Detlef Schmidt

Keith Ferguson: Texas Blues Bass
Girls Go Wild
1780

Keith Ferguson

Some among the cognoscenti argue that there are two bassists in the blues world that define the genre – Chess mastermind Willie Dixon on the upright and Keith Ferguson on electric. This illustrated book, complete with a gallery of Ferguson’s basses and musical notations of his playing, is a fitting tribute to the latter.

Ferguson was the bottom line for the early incarnation of the Fabulous Thunderbirds in the glory days with Jimmie Vaughan and Kim Wilson, including the band’s landmark debut 1979 LP, Girls Go Wild, and through the early ’80s. But his resumé also included stints with Johnny Winter, Angela Strehli, Stevie Ray Vaughan, Doug Sahm, Freddie Fender, the Tail Gators, and Teisco Del Rey.

The list of cohorts and sideman gigs doesn’t get at the importance of Ferguson’s playing, though. A southpaw, he flipped his ’52 Precision Bass over and played “backwards,” as Billy F. Gibbons terms it in his foreword. But he also played differently, as many fellow musician in these pages attest: His bass lines could be likened to the minimalistic – and eminently stylish – guitarwork of Jimmie Vaughan.

Vaughan too adds a foreword here. He talks of his first meeting with Ferguson (Austin, ’69), his sartorial and playing styles (“smooth” and “unique”), his incredible blues-record collection (that inspired much of the Texas blues revival of the day), and good and bad times in the T-birds (plenty of both).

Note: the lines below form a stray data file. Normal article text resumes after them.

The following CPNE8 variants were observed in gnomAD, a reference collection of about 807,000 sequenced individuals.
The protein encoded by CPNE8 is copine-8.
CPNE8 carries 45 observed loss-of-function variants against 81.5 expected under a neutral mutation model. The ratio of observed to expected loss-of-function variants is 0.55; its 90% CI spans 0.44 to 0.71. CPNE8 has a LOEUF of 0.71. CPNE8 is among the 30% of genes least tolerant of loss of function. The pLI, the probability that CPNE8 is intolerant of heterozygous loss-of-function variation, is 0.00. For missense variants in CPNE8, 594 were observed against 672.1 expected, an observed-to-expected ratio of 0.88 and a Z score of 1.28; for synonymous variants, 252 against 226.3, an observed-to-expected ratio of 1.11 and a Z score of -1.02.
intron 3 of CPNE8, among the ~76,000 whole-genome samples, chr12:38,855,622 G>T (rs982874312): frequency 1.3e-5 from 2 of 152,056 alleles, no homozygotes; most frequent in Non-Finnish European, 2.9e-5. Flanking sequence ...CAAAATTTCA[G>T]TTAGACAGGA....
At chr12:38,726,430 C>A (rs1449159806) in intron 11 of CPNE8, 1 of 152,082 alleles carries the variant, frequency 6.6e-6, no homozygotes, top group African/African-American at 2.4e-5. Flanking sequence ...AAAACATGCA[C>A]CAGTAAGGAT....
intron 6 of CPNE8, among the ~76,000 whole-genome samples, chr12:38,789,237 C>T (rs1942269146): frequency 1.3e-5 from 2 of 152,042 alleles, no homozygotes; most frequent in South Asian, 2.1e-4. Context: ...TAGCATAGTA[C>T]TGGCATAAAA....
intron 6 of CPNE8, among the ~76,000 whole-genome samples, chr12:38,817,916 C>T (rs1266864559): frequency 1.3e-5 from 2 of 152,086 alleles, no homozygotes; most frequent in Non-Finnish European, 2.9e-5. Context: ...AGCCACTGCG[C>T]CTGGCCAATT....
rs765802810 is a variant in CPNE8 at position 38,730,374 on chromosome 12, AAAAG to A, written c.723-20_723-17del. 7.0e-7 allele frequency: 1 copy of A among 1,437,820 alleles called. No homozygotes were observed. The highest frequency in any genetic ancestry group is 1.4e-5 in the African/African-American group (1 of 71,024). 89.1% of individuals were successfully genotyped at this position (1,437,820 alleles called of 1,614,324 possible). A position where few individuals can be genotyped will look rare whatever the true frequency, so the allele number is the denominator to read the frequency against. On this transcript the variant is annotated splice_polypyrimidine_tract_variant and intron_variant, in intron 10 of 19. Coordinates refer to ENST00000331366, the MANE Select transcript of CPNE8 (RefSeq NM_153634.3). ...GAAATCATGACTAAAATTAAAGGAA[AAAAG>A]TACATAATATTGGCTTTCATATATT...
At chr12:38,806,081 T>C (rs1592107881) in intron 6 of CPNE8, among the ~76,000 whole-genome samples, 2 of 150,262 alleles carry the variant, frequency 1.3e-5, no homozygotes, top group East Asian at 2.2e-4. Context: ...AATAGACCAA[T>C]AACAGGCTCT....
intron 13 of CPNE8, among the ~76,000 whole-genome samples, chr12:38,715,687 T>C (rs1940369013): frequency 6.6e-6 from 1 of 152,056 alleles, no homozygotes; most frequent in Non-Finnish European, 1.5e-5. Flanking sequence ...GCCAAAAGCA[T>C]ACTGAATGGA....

This 320-page, oversize, softcover book is ripe with recollections from fellow musicians, friends, and family members – and must include nearly every concert photo, promo shot, and snapshot of Ferguson extant. The material could have been whittled down some and might have made for a stronger book, but suffice it to say that a second volume will not be required.

Also included are 27 pages of bass pornography: the serial numbers, history, and numerous photos of Ferguson’s main axes, including his famous ’56 P-Bass with the cowhide pickguard, several other ’50s Precisions, a Harmony H22-1, Telecaster Bass, National bass, and the Guero Caster, a Hondo bass that Ferguson customized.

Finally, there are eight pages of transcriptions working out his bass stylings on a mix of tunes: Slim Harpo’s “Scratch My Back,” “Extra Jimmies” and “The Crawl” by the T-birds, and more.

This article originally appeared in VG‘s April’15 issue. All copyrights are by the author and Vintage Guitar magazine. Unauthorized replication or use is strictly prohibited.